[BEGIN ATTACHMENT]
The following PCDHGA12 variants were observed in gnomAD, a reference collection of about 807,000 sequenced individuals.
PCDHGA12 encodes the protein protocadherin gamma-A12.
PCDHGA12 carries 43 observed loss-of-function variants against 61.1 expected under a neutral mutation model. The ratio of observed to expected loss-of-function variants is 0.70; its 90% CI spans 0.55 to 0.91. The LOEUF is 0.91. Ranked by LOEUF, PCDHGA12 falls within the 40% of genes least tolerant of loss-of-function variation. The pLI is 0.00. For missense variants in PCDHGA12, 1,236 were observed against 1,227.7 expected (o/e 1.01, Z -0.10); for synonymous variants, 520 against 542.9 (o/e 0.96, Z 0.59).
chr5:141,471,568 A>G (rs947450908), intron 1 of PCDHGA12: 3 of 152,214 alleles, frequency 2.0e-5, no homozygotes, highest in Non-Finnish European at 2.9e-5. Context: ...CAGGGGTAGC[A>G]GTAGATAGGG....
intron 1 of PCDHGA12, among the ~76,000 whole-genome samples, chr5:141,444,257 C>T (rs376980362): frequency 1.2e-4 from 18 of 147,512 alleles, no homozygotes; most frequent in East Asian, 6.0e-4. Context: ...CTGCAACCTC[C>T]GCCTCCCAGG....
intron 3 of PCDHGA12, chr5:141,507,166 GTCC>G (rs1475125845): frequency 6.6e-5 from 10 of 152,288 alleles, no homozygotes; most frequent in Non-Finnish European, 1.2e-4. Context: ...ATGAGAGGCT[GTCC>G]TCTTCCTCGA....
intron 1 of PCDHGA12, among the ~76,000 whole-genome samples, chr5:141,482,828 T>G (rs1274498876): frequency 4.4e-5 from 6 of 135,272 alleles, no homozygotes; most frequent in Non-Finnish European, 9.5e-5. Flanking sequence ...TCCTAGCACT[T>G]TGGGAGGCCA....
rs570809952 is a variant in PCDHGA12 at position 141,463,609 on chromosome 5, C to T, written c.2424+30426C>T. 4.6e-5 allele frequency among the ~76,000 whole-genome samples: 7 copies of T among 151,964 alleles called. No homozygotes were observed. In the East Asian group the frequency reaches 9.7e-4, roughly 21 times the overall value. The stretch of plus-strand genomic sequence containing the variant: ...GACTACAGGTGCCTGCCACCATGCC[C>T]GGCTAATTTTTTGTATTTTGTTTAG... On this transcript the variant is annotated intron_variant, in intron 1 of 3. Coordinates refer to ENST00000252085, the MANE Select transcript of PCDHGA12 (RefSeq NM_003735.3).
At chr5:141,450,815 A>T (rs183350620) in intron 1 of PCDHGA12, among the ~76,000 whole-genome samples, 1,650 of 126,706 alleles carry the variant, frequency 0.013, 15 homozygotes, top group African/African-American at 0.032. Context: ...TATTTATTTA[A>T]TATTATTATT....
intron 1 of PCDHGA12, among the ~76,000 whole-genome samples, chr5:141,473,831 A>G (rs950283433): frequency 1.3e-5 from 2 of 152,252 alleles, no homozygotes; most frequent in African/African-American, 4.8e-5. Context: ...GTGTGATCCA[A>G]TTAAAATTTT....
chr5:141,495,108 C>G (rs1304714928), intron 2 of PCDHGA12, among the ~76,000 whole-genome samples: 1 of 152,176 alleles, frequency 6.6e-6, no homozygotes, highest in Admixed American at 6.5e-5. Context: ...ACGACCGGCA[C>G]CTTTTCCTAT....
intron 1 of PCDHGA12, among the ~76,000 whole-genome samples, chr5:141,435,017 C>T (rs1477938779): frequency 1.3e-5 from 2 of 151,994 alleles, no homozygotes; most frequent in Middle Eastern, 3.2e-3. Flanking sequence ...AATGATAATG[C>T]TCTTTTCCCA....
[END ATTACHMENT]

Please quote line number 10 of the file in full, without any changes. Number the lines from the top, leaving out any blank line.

intron 1 of PCDHGA12, among the ~76,000 whole-genome samples, chr5:141,473,831 A>G (rs950283433): frequency 1.3e-5 from 2 of 152,252 alleles, no homozygotes; most frequent in African/African-American, 4.8e-5. Context: ...GTGTGATCCA[A>G]TTAAAATTTT....